Impact of Breastfeeding on Maternal Nutritional Status
This review covers the impact of breastfeeding on maternal postpartum weight loss and micronutrient status. Results regarding the impact on weight loss have been conflicting. This may be due to differences in study quality. Of six observational studies in which postpartum weight change was estimated (rather than measured directly), only one showed an association with breastfeeding. By contrast, six of the seven studies in which postpartum weight change was measured showed greater weight or fat loss in women who breastfed longer, particularly at 3 to 6 months postpartum. The results of the higher quality studies are consistent with two experimental studies conducted in Honduras, which demonstrated that the degree of breastfeeding affects the rate of weight loss. Thus, it appears that breastfeeding does enhance the rate of weight loss postpartum, but the effect is relatively small and may not be detectable in studies that lack adequate statistical power, have imprecise data on postpartum weight change, or do not account for the exclusivity and/or duration of breastfeeding. There is very little information with regard to micronutrient status during lactation. Nutrient requirements for vitamins A, B6, and C, and for iodine and zinc are increased by more than 50%, but lactation may actually be protective against maternal iron deficiency. More research is needed on the effects of lactation on maternal nutritional status and on strategies for optimizing nutrient intake to meet the needs of both the mother and her infant.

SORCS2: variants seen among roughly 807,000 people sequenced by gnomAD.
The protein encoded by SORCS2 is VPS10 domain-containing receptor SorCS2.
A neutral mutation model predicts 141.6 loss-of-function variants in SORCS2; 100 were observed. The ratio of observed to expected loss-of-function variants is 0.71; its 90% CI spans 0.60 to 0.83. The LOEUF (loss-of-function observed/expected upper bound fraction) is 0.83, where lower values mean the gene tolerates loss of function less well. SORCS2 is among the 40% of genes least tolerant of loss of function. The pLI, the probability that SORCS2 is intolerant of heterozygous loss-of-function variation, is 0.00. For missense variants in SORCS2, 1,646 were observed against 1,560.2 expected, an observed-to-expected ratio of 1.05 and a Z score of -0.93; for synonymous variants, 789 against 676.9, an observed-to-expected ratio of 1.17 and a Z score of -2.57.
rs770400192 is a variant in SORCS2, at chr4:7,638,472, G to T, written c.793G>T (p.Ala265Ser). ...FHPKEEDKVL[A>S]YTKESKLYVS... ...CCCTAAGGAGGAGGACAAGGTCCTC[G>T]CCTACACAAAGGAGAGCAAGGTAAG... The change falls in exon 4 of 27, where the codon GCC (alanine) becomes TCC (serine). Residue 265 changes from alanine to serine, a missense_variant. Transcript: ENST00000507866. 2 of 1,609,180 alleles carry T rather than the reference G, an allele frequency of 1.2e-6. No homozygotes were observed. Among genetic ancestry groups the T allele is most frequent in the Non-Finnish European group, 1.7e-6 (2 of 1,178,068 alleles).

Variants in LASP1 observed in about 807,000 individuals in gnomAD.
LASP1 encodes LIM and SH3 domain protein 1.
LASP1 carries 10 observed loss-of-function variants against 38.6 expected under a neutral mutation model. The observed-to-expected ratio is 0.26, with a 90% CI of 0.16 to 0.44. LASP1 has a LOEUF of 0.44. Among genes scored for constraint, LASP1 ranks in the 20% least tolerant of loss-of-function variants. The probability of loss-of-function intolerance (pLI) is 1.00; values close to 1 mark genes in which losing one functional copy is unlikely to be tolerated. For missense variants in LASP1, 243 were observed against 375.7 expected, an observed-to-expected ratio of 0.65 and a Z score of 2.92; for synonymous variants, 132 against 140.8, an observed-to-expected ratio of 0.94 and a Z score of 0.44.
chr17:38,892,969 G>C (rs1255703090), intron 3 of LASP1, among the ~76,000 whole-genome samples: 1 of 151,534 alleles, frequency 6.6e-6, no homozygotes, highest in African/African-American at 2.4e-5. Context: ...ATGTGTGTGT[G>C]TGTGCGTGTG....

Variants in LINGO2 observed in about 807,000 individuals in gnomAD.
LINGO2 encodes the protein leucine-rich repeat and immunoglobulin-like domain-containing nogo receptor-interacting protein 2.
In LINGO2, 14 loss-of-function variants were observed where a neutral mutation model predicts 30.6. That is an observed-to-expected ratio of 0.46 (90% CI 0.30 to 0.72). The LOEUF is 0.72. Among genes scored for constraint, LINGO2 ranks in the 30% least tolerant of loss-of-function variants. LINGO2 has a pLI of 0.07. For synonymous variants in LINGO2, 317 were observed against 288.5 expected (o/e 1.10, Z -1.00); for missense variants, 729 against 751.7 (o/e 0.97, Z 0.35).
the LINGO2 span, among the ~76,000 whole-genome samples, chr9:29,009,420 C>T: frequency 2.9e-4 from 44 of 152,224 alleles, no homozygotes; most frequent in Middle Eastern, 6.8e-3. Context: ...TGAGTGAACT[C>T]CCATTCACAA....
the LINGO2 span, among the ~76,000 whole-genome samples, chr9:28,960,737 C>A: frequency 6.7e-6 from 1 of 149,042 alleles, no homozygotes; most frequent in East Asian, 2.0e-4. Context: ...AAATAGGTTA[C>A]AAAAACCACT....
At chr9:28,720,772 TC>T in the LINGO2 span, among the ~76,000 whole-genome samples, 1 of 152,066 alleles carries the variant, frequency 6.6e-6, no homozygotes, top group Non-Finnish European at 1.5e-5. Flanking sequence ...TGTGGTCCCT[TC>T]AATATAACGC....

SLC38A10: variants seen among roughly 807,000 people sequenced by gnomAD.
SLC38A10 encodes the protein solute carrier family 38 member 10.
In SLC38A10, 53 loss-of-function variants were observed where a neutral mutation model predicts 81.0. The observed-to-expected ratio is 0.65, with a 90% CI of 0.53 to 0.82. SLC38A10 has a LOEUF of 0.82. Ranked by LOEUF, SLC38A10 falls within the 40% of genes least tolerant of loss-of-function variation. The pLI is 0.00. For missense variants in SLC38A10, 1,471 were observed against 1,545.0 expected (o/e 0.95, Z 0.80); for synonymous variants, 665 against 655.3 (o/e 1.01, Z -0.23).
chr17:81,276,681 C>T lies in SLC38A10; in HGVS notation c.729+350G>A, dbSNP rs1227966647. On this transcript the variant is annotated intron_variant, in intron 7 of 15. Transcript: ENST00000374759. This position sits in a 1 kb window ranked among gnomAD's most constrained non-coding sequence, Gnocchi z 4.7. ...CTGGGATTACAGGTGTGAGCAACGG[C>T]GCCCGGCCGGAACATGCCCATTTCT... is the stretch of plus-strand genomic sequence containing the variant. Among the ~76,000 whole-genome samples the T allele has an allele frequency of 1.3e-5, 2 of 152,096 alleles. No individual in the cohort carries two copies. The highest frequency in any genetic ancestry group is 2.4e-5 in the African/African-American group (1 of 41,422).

Unable to display preview. Download preview PDF.
- Adair LS, Popkin BM. Prolonged lactation contributes to depletion of maternal energy reserves in Filipino woman. JNutr 1992;122:1643–1655.Google Scholar
- Butte NF, Hopkinson JM. Body composition changes during lactation are highly variable among woman. J Nutr 1998;128:318S–385S.Google Scholar
- Institute of Medicine. Dietary reference intakes for calcium, phosphorus, magnesium, vitamin D and fluoride. Washington, DC: National Academy Press; 1997.Google Scholar
- Institute of Medicine. Dietary reference intakes for thiamin, riboflavin, niacin, vitamin B6, folate, vitamin B12 antothenic acid, biotin, and choline. Washington, DC: National Academy Press; 1998.Google Scholar
- Institute of Medicine. Dietary reference intakes for vitamin A, vitamin K, arsenic, boron, chromium, copper, iodine, iron, manganese, molybdenum, nickel, silicon, vanadium, and zinc. Washington, DC: National Academy Press; 2001.Google Scholar
- Institute of Medicine. Dietary reference intakes for vitamin C, vitamin E, selenium, and carotenoids. Washington, DC: National Academy Press; 2000.Google Scholar